According to Sharma El Nino and La Nina are ocean-borne phenomena and are inverse of each other. The sea surface temperature in the Pacific Ocean dictates their formation. He said, "The warming of sea surface temperature in the equatorial Pacific region by more than 0.5 degree celsius, in a persistent fashion causes the El Nino situation. The opposite of this situation, which is the dropping of sea surface temperature by a similar margin, causes the La Nina situation. These climate patterns in the Pacific Ocean are capable of affecting weather worldwide."
Speaking to BOOM, Deoras said, the last three years have been La Nina years, while 2023 is likely to be an El Nino year. Explaining further about the phenomenon, he said that "Each effect lasts mostly a year, as they alternate between each other, but sometimes they may last more than a year or two". The El Nino effect will impact the southwest monsoon and northeast monsoon in India. It will increase the severity and magnitude of the heatwaves, Deoras added.
Also Read:Which Parts Of India Are Most Prone To Earthquakes? Experts Explain
How can heatwaves affect India's economy?
Heatwaves in India can impact the economy because weather has a significant impact on agriculture. Around two-thirds of India's population is dependent on agriculture for a living.
According to Sharma, any weather condition which shifts from normal will impact crop production, be it rabi or kharif. The crops that are sown in the rainy season are called kharif crops (also known as the summer or monsoon crops) in India. Kharif crops are usually sown with the beginning of the first rains in July. The crops that are sown in the winter season are called rabi crops (also known as the winter crop). They are grown within the period of November to April.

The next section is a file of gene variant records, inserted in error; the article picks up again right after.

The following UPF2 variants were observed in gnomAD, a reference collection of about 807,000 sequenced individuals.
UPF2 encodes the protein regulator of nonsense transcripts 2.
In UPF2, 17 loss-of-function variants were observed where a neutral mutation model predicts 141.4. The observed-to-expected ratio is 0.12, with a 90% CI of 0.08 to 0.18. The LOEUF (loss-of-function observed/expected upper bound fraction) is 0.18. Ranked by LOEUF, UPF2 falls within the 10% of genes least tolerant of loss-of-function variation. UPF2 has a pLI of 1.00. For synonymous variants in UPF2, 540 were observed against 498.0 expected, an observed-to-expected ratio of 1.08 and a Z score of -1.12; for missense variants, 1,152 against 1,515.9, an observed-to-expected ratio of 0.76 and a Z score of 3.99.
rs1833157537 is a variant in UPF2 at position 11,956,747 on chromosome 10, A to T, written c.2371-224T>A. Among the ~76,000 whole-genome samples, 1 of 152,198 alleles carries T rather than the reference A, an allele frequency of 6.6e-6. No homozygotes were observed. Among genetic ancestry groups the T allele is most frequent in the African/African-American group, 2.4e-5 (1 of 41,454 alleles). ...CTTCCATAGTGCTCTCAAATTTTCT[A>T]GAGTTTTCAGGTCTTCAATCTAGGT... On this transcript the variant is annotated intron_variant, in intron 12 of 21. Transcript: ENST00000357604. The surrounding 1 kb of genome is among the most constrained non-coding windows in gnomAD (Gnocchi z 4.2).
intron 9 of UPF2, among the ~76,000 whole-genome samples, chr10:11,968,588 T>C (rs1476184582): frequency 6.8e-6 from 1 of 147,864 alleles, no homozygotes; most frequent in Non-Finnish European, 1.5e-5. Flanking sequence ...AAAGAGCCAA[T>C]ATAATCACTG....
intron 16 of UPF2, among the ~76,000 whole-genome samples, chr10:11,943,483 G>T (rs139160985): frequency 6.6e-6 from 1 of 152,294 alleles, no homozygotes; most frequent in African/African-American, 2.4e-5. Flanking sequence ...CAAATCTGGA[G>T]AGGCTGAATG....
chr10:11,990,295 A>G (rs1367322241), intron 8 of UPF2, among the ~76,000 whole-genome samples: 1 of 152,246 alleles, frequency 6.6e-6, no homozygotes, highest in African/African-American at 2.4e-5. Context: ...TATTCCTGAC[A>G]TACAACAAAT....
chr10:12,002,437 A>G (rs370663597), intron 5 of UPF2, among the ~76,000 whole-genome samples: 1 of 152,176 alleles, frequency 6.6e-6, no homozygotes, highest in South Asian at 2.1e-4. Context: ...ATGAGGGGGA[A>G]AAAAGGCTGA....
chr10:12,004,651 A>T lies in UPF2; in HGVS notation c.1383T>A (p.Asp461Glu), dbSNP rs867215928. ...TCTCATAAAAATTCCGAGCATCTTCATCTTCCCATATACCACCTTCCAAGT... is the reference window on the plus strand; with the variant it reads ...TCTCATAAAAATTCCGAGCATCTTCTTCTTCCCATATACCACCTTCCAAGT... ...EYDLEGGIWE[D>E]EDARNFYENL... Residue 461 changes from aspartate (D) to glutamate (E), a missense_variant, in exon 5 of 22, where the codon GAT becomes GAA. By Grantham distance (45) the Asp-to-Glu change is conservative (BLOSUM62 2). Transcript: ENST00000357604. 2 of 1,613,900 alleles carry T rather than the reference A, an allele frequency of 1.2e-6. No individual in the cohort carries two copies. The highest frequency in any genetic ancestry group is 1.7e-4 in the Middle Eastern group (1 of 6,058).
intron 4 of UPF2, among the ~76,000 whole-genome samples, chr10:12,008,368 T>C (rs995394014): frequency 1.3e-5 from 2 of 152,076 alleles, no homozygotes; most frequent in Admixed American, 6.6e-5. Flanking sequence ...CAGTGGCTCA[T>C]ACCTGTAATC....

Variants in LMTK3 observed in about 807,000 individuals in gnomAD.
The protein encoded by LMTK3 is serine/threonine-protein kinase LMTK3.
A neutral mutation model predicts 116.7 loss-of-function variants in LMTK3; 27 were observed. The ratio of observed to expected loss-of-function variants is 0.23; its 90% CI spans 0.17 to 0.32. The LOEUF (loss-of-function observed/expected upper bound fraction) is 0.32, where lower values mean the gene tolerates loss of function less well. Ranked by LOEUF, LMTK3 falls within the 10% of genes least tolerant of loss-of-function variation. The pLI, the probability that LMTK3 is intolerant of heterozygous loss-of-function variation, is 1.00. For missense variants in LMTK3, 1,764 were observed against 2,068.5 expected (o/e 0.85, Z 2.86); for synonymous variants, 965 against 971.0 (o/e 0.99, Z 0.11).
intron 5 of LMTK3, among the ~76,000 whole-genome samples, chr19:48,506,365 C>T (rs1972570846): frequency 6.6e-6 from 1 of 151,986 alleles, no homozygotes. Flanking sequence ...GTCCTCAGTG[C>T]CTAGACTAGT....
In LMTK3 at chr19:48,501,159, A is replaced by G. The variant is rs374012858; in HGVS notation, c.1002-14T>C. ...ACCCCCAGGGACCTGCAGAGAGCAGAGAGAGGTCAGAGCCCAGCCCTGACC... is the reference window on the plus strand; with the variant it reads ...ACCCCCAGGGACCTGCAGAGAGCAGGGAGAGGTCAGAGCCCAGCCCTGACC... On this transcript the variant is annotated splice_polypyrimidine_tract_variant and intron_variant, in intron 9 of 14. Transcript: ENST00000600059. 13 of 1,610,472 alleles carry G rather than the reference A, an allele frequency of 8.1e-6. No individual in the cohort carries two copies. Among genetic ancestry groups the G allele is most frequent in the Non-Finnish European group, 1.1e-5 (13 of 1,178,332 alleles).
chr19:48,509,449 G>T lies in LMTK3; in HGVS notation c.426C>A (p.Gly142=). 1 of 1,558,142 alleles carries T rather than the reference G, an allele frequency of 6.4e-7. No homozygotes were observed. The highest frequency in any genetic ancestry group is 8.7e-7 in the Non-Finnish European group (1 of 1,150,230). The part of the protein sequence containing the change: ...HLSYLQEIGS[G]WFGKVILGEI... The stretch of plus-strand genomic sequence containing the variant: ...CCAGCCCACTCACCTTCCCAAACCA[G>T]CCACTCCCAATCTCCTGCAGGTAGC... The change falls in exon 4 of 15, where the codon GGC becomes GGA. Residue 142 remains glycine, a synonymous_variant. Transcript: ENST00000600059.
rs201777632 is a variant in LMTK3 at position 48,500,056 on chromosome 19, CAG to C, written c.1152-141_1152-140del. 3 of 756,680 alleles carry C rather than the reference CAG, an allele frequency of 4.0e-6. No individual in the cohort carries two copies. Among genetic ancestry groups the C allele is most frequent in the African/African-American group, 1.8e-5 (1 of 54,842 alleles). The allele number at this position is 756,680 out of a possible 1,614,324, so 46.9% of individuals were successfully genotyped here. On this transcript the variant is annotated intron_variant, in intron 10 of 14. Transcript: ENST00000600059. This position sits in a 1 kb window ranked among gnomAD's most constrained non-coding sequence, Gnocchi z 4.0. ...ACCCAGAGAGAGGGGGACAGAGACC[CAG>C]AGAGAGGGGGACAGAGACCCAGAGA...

Deoras said that the prevailing conditions were of concern as the winter season is shrinking and the summer season is being prolonged. This, he said, would affect sowing and reaping patterns in the agricultural sector. "As this would be an El Nino year and the monsoon forecast is not that promising, this will affect the sowing of kharif crops. Hence, the output will not be as expected", he said.
Elaborating on the effect of a heatwave on employment, Deoras explained, "If we receive acute rainfall, especially in the key agriculture states of India, the employment rate will see a significant impact. As the crop output decreases, the profit margin will decrease which will lead to lesser people being employed on the fields. This would be a worse-case scenario but we cannot strike out its possibility."
Heatwaves also impact labour productivity. According to a report by International Labour Organisation, labour productivity in the agriculture and construction sector will be the worst impacted during the heatwave. The country most affected by heat stress is India, which lost 4.3 per cent of working hours in 1995 and is projected to lose 5.8 per cent of working hours in 2030. Moreover, because of its large population, India is in absolute terms expected to lose the equivalent of 34 million full-time jobs in 2030 as a result of heat stress, the report read.
Do you always want to share the authentic news with your friends?